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3. Sky / Void
This single character means empty, void, hollow, vacant, vacuum, blank, nonexistent, vacuity, voidness, emptiness, non-existence, immateriality, unreality, the false or illusory nature of all existence, being unreal.
In Buddhist context, this relates to the doctrine that all phenomena and the ego have no reality but are composed of a certain number of skandhas or elements, which disintegrate. The void, the sky, space. The universal, the absolute, complete abstraction without relativity. The doctrine further explains that all things are compounds, or unstable organisms, possessing no self-essence, i.e. are dependent, or caused, come into existence only to perish. The underlying reality, the principle of eternal relativity, or non-infinity, i.e. śūnya, permeates all phenomena making possible their evolution.
From Sanskrit and/or Pali, this is the translation to Chinese and Japanese of the title śūnya or śūnyatā.
In Japanese, when pronounced as "ron" (sounds like "roan") this can be a given name. It should be noted that this Kanji has about 5 different possible pronunciations in Japanese: kuu, kara, sora, ron, and uro. 空 is also an element in the Japanese version of the five elements.
虛空 means empty space, empty sky, or void.
In the Buddhist context, it can mean "emptiness of the material world." This can also be used as an adjective to modify other words with a meaning of unreal or insubstantial.
虛空 means void, hollow, empty, space, sky, atmosphere, heaven, or ether.
虛空 is the Chinese and Japanese version of the Sanskrit word ākāśa (or akasa / akash) which beyond the sky or space meaning can be the immaterial universe behind all phenomena in the Buddhist context.
According to Soothill 眞空妙有 means:
The true void is the mysteriously existing; truly void, or immaterial, yet transcendentally existing.
眞空妙有 is the state of being absolutely nonexistent after removing all errant worldly influences. 眞空妙有 is achieved when all forms of existence is seen for their real nature.
This is a complex Buddhist concept. Feel free to add to the conversation about this concept here: Asian Forum: Shinku Myou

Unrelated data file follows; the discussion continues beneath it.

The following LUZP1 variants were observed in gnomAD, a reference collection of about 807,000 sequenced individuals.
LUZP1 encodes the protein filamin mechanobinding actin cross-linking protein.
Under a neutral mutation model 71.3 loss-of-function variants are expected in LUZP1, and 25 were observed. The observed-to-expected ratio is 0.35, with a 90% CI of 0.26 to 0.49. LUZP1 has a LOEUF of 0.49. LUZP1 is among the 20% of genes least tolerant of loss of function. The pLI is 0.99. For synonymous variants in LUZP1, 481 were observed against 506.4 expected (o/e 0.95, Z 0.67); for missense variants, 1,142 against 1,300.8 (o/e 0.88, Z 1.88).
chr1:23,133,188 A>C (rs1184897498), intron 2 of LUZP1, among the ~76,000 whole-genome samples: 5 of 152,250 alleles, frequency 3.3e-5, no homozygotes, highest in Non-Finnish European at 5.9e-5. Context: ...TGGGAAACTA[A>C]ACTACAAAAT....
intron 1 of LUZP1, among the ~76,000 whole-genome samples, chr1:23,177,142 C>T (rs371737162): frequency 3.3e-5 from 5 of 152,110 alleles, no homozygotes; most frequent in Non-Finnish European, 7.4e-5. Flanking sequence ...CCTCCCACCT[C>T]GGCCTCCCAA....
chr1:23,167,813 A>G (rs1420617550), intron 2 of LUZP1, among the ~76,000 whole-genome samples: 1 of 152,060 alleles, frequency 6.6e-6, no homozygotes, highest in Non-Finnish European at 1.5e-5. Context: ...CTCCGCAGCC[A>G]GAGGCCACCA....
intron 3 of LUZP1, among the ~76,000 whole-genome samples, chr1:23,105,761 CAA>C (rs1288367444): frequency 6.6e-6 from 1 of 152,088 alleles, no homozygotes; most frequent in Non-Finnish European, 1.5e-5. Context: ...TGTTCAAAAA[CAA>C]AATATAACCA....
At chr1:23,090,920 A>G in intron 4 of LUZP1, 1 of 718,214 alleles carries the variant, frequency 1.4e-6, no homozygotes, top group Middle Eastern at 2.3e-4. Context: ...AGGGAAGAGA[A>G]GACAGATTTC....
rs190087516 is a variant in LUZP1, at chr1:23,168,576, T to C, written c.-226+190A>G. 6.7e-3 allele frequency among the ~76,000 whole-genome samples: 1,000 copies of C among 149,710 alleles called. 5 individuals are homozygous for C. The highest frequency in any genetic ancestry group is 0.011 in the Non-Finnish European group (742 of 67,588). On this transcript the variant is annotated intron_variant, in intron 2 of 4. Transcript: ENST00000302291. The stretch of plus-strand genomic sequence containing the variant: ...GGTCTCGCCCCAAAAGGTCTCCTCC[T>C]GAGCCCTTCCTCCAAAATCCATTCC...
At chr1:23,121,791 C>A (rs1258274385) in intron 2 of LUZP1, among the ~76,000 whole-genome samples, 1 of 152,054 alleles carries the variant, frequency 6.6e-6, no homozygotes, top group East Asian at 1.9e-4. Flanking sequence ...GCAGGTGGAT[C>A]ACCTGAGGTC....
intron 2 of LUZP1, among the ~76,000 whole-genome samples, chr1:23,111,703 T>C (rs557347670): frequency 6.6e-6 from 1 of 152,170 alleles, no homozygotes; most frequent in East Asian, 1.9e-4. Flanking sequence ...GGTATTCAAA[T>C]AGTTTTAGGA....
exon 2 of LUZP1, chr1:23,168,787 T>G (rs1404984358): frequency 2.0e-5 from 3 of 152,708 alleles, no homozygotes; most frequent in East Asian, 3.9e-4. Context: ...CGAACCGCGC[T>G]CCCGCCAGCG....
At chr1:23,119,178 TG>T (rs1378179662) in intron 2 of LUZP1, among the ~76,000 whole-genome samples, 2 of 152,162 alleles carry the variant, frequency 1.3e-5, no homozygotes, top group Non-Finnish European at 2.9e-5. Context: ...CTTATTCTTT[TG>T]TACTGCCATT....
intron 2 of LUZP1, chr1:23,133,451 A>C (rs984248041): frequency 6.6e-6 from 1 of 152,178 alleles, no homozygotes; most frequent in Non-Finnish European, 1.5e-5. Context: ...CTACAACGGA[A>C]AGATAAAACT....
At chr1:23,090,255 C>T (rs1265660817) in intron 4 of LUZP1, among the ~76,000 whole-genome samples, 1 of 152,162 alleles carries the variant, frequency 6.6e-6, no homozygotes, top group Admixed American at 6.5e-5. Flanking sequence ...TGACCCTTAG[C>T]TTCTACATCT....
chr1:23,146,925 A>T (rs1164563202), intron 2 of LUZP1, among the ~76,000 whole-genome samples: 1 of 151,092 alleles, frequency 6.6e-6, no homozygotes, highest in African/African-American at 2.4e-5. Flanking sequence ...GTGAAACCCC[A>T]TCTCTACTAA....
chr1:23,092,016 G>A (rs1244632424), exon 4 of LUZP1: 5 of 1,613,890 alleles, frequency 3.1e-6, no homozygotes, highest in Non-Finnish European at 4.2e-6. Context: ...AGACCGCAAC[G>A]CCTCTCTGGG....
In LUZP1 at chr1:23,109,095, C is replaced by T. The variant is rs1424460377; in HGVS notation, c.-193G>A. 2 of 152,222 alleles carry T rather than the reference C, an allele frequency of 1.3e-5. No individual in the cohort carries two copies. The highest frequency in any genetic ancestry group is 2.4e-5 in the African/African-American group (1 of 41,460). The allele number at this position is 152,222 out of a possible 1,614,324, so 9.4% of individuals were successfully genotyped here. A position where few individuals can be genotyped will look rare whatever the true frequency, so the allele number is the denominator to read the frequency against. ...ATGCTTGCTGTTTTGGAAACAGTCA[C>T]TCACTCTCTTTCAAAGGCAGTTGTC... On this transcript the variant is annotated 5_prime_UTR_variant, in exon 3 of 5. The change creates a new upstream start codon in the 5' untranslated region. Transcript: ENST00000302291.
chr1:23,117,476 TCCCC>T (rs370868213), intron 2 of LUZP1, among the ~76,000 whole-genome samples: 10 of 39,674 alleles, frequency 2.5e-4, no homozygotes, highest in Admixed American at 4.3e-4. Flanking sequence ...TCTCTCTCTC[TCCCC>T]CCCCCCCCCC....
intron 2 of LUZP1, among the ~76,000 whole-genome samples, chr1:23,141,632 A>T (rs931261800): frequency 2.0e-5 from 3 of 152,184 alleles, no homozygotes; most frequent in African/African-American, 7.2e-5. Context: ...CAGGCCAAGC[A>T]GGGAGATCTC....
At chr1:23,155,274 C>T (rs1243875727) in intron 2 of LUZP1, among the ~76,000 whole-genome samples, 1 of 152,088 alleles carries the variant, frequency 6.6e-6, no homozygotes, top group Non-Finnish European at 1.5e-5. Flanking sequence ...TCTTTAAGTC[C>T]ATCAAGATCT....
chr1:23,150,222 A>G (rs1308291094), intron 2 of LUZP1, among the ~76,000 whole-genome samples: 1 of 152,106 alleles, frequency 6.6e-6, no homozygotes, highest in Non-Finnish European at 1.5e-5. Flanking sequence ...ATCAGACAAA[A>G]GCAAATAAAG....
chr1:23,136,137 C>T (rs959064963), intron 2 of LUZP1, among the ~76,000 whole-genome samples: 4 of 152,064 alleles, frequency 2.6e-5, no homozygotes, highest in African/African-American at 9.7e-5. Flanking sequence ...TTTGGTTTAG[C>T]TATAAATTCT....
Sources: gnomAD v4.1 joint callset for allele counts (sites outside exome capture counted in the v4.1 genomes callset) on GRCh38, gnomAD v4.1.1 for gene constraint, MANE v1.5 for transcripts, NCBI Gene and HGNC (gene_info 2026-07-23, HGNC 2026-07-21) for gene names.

空無 is "nothingness" in a Buddhist context.
The first character means empty but can also mean air or sky (air and sky have no form).
The second character means have not, no, none, not or to lack.
Together these characters reinforce each other into a word that means "absolute nothingness."
I know this is a term used in Buddhism but I have not yet figured out the context in which it is used. I suppose it can be the fact that Buddhists believe that the world in a non-real illusion, or perhaps it's about visualizing yourself as "nothing" and therefore leaving behind your desire and worldliness.
Buddhist concepts and titles often have this element of ambiguity or rather "mystery." Therefore, such ideas can have different meanings to different people, and that's okay. If you don't get it right in this lifetime, as there will be plenty more lifetimes to master it (whatever "it" is, and if "it" really exists at all).
Soothill defines this as "Unreality, or immateriality, of things, which is defined as nothing existing of independent or self-contained nature."
地水火風空 is the specifically-Japanese version of the five elements. 地水火風空 is a little different than the ancient or original Chinese version.
The elements are written in this order:
1. Earth / Terra / Ground
4. Wind / Air
5. Sky / Emptiness / Void / Ether
Note: This set of Kanji can also be romanized as "ji sui ka fuu kuu," "jisuikafuukuu," or "jisuikafuku."
These can also be written in the order 地火風水空 (chi ka sui fuu kuu). Let me know when you place your order if you want the Kanji to be in this character order.
無 is the simple way to express "nothing."